Israel Pulse

Why Israel refuses to complete West Bank security fence

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Article Summary
Israeli settlers and right-wing political parties fear that the West Bank security fence will serve as a proposed border line in future negotiations with the Palestinians.

On June 6, the Knesset voted down for the third time a proposed bill by opposition lawmaker Omer Barlev of the Zionist Camp mandating completion of the barrier between Israel and the West Bank, which he views as vital for terrorism prevention. Opposition to the bill was led by the three main coalition parties: Likud, HaBayit HaYehudi and Yisrael Beitenu.

In explaining the bill he authored, Barlev said it was designed to force the government and the Defense Ministry to complete construction of the barrier within 18 months as a “national priority.” Although the bill specifically states that the sections of the barrier that would be built along some 100 kilometers (62 miles), as well as those already built, would only serve as a counterterrorism measure and “are not an expression of a different diplomatic border line,” the political right is convinced the bill has diplomatic and political significance. In other words, the right is concerned that an Israeli initiative of putting up a fence that separates West Bank settlements from Palestinian villages around them would constitute an official endorsement of a future border between Israel and a Palestinian state.

Israel started building the barrier in June 2002, at the height of the second intifada (2000-2005) in which hundreds of Israelis were killed in Palestinian terror attacks. Until then, the absence of a fence between sovereign Israel and the area it conquered in the 1967 war allowed terrorists to reach the heart of Israeli towns and villages in a matter of minutes or hours.

Then-Prime Minister Ariel Sharon and some of his ministers objected to the proposed barrier for a long time. However, they were forced to give in to public pressure that grew with every deadly terror attack, and massive budgets were allocated for the project. Within a few years, several hundred kilometers of a “smart” security barrier went up, and in some parts, including the neighborhoods of East Jerusalem, a high cement wall was erected to protect against sniper fire.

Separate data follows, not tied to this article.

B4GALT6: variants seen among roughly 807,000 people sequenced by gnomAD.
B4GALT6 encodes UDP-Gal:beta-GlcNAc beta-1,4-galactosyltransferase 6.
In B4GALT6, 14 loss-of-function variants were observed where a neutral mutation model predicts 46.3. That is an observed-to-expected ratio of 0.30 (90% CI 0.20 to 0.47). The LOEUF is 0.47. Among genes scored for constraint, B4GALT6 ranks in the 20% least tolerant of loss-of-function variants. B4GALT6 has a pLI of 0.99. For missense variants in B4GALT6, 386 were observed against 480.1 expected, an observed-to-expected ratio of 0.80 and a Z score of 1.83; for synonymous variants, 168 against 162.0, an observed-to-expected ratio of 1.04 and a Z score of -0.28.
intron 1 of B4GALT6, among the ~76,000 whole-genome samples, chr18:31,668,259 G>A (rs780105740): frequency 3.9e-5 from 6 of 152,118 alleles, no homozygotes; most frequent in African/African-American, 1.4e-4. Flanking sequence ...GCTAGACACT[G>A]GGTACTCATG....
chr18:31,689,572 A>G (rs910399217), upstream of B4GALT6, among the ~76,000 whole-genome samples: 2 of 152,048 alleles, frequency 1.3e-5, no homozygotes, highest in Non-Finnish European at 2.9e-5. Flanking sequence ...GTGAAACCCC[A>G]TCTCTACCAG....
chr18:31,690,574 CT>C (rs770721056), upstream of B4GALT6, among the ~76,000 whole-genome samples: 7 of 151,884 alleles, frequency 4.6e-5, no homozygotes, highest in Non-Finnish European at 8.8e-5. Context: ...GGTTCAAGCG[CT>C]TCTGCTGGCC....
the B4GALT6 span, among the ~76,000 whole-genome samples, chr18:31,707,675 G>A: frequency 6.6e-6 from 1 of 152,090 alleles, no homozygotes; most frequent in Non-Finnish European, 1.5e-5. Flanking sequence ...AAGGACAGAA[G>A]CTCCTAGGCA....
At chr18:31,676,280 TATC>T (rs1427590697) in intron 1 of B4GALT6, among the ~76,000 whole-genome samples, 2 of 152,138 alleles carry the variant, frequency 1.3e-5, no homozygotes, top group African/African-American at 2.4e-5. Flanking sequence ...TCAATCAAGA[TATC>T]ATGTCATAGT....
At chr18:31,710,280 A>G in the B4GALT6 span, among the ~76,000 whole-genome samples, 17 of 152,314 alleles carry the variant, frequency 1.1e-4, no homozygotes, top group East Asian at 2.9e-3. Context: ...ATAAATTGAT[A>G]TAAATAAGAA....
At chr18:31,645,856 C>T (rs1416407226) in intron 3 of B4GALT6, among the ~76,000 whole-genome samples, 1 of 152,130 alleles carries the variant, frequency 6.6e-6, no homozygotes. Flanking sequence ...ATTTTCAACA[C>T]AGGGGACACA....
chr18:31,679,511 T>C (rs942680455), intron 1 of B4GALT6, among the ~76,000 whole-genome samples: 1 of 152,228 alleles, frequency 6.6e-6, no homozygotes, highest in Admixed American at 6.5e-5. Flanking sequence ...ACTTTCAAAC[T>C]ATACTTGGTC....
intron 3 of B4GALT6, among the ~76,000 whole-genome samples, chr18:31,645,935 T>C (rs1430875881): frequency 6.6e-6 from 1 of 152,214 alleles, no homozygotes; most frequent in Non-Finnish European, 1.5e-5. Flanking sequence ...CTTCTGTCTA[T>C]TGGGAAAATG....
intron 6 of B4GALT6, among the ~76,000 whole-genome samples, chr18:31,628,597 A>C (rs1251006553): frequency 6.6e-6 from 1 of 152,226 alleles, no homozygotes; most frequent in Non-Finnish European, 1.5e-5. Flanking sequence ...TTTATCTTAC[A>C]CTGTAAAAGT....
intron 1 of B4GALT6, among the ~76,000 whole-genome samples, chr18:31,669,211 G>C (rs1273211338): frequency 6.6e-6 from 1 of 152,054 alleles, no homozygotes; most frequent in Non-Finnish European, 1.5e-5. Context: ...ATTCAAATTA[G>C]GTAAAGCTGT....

The waning of the second intifada was attributed in large measure to construction of the barrier, which resulted in a significant decline of terror attacks within Israel. Nonetheless, despite the barrier’s successful results, opposition by Jewish settlers has prevented completion of the project in some sections. The settlers argue that completion of the barrier promotes the left wing’s “separation idea” to create a permanent border with the West Bank.

The settlers are not the barrier’s only opponents. Palestinian residents of the West Bank and environmental groups are also opposed for different reasons, and a number of petitions have been submitted against the project to the Supreme Court over the years. The Palestinians argue that the proposed route of the barrier annexes some of their lands to Israel, while green groups claim the construction causes grave environmental damage. The tangled array of interests and political pressure has prevented the completion of the barrier up to now.

Prime Minister Benjamin Netanyahu is a fervent proponent of separation barriers along Israel’s borders, but he also understands the political and diplomatic sensitivity of erecting them in central areas of the West Bank where most of the settlements are located.